A History of Classical Scholarship ...

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At the University Press, 1908

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Page 431 - Two Thousand Engravings on Wood from Ancient Originals, illustrative of the Industrial Arts and Social Life of the Greeks and Romans. By A.
Page 449 - O ye, who patiently explore The wreck of Herculanean lore, What rapture ! could ye seize Some Theban fragment, or unroll One precious, tender-hearted, scroll Of pure Simonides.
Page 476 - Read Homer once, and you can read no more ; For all books else appear so mean, so poor, Verse will seem prose : but still persist to read. And Homer will be all the books you need.
Page 55 - He wrote a sequel of songs and rhapsodies, to be sung by himself for small earnings and good cheer, at festivals and other days of merriment ; the Ilias he made for the men, and the Odysseis for the other sex.
Page 451 - It needeth more than a single denization, being a double stranger; sprung from the stock of the ancient Romans, but bred in the new world, of the rudeness whereof it cannot but participate, especially having wars and tumults to bring it to light instead of the Muses.
Page 436 - Notes of a Twelve Years' Voyage of Discovery in the First Six Books of the /Eneis.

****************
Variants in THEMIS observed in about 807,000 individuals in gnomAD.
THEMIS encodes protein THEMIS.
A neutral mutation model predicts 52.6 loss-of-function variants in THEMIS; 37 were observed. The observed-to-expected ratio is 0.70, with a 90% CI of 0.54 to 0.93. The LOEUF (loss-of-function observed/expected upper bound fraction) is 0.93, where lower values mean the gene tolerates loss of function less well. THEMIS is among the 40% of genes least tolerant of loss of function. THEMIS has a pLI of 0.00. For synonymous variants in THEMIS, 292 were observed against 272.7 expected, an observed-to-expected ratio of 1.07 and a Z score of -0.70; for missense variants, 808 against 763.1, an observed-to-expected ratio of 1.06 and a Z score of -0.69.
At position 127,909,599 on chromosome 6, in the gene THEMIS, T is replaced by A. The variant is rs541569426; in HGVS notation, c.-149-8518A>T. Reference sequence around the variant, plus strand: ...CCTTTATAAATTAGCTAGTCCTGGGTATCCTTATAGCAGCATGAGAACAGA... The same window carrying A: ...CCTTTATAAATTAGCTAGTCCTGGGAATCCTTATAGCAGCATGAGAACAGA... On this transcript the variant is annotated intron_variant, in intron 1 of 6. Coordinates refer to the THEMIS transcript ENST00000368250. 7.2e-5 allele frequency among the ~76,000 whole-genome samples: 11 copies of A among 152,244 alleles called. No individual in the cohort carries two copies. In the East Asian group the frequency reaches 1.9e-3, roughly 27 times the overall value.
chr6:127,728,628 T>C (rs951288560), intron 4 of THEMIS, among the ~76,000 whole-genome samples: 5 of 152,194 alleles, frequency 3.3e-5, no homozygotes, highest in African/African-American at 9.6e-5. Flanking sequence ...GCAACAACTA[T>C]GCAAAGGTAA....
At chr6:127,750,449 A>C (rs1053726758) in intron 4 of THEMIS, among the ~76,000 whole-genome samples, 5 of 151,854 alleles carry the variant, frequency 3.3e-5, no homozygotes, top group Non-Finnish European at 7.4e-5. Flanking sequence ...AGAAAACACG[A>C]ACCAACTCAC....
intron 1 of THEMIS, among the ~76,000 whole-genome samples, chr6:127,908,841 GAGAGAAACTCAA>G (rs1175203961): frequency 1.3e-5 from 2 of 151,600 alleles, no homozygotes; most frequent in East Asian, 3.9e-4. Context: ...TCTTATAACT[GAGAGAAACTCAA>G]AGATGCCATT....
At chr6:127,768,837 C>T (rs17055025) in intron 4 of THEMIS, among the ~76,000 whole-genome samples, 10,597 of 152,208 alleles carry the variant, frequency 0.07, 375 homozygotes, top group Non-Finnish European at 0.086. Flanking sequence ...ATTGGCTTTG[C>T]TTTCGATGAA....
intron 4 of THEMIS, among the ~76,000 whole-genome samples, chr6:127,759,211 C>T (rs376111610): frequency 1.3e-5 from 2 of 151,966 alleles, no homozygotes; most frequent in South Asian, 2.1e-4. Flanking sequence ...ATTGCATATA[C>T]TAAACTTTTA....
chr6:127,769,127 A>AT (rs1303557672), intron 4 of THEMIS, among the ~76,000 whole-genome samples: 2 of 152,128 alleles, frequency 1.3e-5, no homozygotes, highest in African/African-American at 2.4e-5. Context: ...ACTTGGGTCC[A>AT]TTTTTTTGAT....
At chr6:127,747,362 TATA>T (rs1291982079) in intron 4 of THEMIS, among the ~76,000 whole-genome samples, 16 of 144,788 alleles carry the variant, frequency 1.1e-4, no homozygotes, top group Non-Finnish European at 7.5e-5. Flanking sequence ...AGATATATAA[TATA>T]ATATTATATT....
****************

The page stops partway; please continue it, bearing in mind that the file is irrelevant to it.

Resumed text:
Page 451 - Cato Major," or his Discourse of Old Age: with Explanatory Notes.
Page 78 - The poems out of which what we call the history of the Roman Kings was resolved into a prose narrative, were different from the nenia...
Page 361 - Romaic and Modern Greek compared with one another and with ancient Greek (Edin.
Page 129 - ... of the last five years of his life, from the autumn of 1845 to November 1850. Fortunately, he had the full use for many months of the two Leyden MSS. His native sagacity, guided and sharpened by long and varied experience, saw at a glance their relations to each other and to the original from which they were derived, and made clear the arbitrary way in which the common texts had been constructed. His zeal warming as he advanced, one truth after another revealed itself to him, so that at length...

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